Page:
58

As the Advocate General has observed in point 66 of his Opinion, the mere fact that the passenger’s reservation with the tour operator includes times which have not been confirmed by the air carrier in the context of the internal reservation between that carrier and that operator is not sufficient for the view to be taken that the conditions set out in Article 2(b) of Regulation No 261/2004 are not fulfilled.

59

An air carrier which has made an offer of air carriage which corresponds to the offer referred to by a tour operator in its relations with a passenger, even though changes may be made to that offer, must be regarded as having intended to perform a flight within the meaning of Article 2(b) of Regulation No 261/2004.

60

Such an interpretation is consistent with the objective of ensuring a high level of protection for air passengers, set out in recital 1 of Regulation No 261/2004, in so far as it enables the passengers carried to be ensured compensation or that they will be cared for, without needing to take account of arrangements made by the air carrier which decided to perform the flight in question at a different time to that which was previously planned for the purposes of actually performing that flight (see, to that effect, judgment of 4 July 2018, Wirth and Others, C‑532/17, EU:C:2018:527, paragraph 23).

61

It should also be stated that, in cases where the operating air carrier is required to pay compensation to passengers pursuant to Regulation No 261/2004 due to the conduct of the tour operator, that carrier has the possibility to seek compensation from the tour operator for any damage incurred in accordance with Article 13 of that regulation (see, to that effect, judgment of 11 May 2017, Krijgsman, C‑302/16, EU:C:2017:359, paragraph 29 and the case-law cited).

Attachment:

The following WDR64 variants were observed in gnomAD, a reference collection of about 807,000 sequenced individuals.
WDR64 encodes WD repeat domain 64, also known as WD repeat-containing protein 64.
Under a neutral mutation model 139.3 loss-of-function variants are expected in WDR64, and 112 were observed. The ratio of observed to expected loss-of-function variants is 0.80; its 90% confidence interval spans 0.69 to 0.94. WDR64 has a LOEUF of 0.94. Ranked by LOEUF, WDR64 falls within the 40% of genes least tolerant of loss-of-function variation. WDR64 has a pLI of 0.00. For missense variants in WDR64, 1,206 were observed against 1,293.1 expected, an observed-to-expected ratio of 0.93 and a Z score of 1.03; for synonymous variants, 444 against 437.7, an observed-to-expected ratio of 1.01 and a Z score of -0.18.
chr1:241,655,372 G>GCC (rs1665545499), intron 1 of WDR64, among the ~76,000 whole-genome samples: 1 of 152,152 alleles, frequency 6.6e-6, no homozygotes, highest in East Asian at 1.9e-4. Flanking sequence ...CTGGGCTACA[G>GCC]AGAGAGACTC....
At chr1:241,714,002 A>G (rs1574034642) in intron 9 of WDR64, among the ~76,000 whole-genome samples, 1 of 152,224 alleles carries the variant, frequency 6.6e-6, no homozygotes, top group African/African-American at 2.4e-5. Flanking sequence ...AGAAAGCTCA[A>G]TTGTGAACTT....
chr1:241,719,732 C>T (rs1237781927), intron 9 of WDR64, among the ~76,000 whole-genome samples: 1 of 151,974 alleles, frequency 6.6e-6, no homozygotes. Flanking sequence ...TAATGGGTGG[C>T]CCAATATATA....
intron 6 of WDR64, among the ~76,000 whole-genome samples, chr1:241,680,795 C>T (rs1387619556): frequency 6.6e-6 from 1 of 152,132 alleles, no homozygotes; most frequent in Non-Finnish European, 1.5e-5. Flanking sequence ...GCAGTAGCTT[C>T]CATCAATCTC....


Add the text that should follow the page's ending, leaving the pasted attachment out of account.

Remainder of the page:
62

In the light of the foregoing, the answer to the second questions in Cases C‑188/20 and C‑196/20 is that Article 2(b) of Regulation No 261/2004 must be interpreted as meaning that an air carrier may be classified as an ‘operating air carrier’, within the meaning of that provision, in respect of a passenger where the passenger has concluded a contract with a tour operator for a specific flight operated by that air carrier without that air carrier having confirmed the hours of the flight or without that tour operator having made a booking for that passenger with that air carrier.

The third questions in Cases C‑188/20 and C‑196/20

63

By its third question in Case C‑188/20, which is identical to the third question in Case C‑196/20, the Landgericht Düsseldorf (Regional Court, Düsseldorf) asks, in essence, whether Article 2(h), Article 5(1)(c), the second sentence of Article 7(1) and Article 7(2) of Regulation No 261/2004 must be interpreted as meaning that the scheduled arrival time of a flight, within the meaning of those provisions, can be determined, for the purposes of the compensation payable under Article 7 of that regulation, from ‘other proof’ within the meaning of Article 2(g) of that regulation, issued to the passenger by the tour operator, or whether it is necessary that it feature on a ‘ticket’ within the meaning of Article 2(f) of that regulation.

64

It should be noted, as a preliminary point, that Article 2(h), Article 5(1)(c), the second sentence of Article 7(1) and Article 7(2) of Regulation No 261/2004, which refer, in substance, to the ‘scheduled time of arrival’, concern the conditions under which fixed compensation may be payable in accordance with Article 7 of that regulation. However, that regulation does not contain a definition of ‘scheduled time of arrival’.

65

In the present context, it is common ground, in the situations at issue in Cases C‑188/20 and C‑196/20, that the air passengers had a single document, referred to as a ‘travel registration’, without being in possession of a document which could be classified as a ‘ticket’ within the meaning of Article 2(f) of that regulation.

66